Manipulating multi-spectral slow photons in bilayer inverse opal TiO2@BiVO4 composites for highly enhanced visible light photocatalysis

Research output: Contribution to journalArticlepeer-review

Abstract

Manipulation of light has been proved to be a promising strategy to increase light harvesting in solar-to-chemical energy conversion, especially in photocatalysis. Inverse opal (IO) photonic structures are highly promising for light manipulation as their periodic dielectric structures enable them to slow down light and localize it within the structure, thereby improving light harvesting and photocatalytic efficiency. However, slow photons are confined to narrow wavelength ranges and hence limit the amount of energy that can be captured through light manipulation. To address this challenge, we synthesized bilayer IO TiO 2@BiVO 4 structures that manifested two distinct stop band gap (SBG) peaks, arising from different pore sizes in each layer, with slow photons available at either edge of each SBG. In addition, we achieved precise control over the frequencies of these multi-spectral slow photons through pore size and incidence angle variations, that enabled us to tune their wavelengths to the electronic absorption of the photocatalyst for optimal light utilization in aqueous phase visible light photocatalysis. This first proof of concept involving multi-spectral slow photon utilization enabled us to achieve up to 8.5 times and 2.2 times higher photocatalytic efficiencies than the corresponding non-structured and monolayer IO photocatalysts respectively. Through this work, we have successfully and significantly improved light harvesting efficiency in slow photon-assisted photocatalysis, the principles of which can be extended to other light harvesting applications.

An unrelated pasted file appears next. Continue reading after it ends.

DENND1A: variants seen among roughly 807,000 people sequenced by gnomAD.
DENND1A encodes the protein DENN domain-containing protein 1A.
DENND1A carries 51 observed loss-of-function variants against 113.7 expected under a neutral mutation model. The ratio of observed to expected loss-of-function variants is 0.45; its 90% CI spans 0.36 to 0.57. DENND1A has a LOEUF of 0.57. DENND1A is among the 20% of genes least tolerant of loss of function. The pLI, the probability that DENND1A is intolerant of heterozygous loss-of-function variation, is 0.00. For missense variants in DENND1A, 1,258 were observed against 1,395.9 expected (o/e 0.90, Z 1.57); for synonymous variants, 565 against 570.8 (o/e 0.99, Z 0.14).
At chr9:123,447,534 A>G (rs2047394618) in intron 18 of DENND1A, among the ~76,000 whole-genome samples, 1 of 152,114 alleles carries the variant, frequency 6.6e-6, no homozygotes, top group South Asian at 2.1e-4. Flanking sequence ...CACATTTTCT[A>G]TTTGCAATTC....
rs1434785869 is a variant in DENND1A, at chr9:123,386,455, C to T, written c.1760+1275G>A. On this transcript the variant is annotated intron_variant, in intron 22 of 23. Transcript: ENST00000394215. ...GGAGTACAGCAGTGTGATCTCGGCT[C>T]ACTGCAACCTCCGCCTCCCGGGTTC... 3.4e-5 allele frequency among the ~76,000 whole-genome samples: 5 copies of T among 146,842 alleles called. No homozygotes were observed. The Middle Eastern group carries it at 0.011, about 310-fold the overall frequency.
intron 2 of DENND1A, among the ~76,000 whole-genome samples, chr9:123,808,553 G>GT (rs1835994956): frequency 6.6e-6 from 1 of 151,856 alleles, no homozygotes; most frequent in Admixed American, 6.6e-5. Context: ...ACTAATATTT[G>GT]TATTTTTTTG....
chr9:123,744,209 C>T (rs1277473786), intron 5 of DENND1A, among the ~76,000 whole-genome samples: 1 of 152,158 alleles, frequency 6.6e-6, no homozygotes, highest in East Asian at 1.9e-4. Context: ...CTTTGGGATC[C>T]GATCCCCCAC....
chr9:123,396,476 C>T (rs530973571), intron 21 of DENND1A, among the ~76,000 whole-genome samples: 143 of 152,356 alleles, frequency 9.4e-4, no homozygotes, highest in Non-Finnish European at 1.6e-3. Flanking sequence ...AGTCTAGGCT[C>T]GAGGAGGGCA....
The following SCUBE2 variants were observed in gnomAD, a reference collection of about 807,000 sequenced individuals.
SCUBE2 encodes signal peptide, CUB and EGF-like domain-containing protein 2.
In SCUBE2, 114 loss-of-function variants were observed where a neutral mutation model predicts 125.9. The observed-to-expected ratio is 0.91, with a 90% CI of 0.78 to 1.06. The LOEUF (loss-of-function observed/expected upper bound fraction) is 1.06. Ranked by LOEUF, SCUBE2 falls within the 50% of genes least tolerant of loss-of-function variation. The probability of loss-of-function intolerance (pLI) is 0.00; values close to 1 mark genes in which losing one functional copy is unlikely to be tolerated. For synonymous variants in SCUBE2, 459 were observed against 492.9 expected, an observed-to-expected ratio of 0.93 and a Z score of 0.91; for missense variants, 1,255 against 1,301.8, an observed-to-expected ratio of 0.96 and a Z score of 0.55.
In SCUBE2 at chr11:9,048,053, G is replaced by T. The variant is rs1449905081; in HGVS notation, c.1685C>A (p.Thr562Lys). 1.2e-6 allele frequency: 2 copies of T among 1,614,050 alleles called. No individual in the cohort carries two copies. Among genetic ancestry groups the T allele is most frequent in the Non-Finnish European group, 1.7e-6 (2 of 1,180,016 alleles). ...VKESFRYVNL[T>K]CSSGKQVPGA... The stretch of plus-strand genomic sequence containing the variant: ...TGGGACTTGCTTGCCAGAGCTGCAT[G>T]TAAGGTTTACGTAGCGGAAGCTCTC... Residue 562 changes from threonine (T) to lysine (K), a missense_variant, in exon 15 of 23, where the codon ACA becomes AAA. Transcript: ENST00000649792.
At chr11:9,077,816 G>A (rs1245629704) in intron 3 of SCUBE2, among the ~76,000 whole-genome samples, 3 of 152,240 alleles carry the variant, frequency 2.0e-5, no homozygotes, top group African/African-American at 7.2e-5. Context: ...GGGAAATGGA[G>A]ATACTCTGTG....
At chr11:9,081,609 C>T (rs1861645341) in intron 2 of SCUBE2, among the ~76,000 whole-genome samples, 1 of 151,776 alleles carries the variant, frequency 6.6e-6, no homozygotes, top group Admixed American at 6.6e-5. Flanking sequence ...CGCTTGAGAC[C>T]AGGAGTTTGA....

Original languageEnglish
Pages (from-to)233-245
Number of pages13
JournalJournal of Colloid and Interface Science
Volume647
DOIs
Publication statusPublished - Oct 2023

Keywords

  • BiVO (bismuth vanadate)
  • Bilayer
  • Energy conversion
  • Inverse opals
  • Light harvesting
  • Photocatalysis
  • Photonic crystals
  • RhB degradation
  • Slow photons
  • TiO (titania)
  • Visible light

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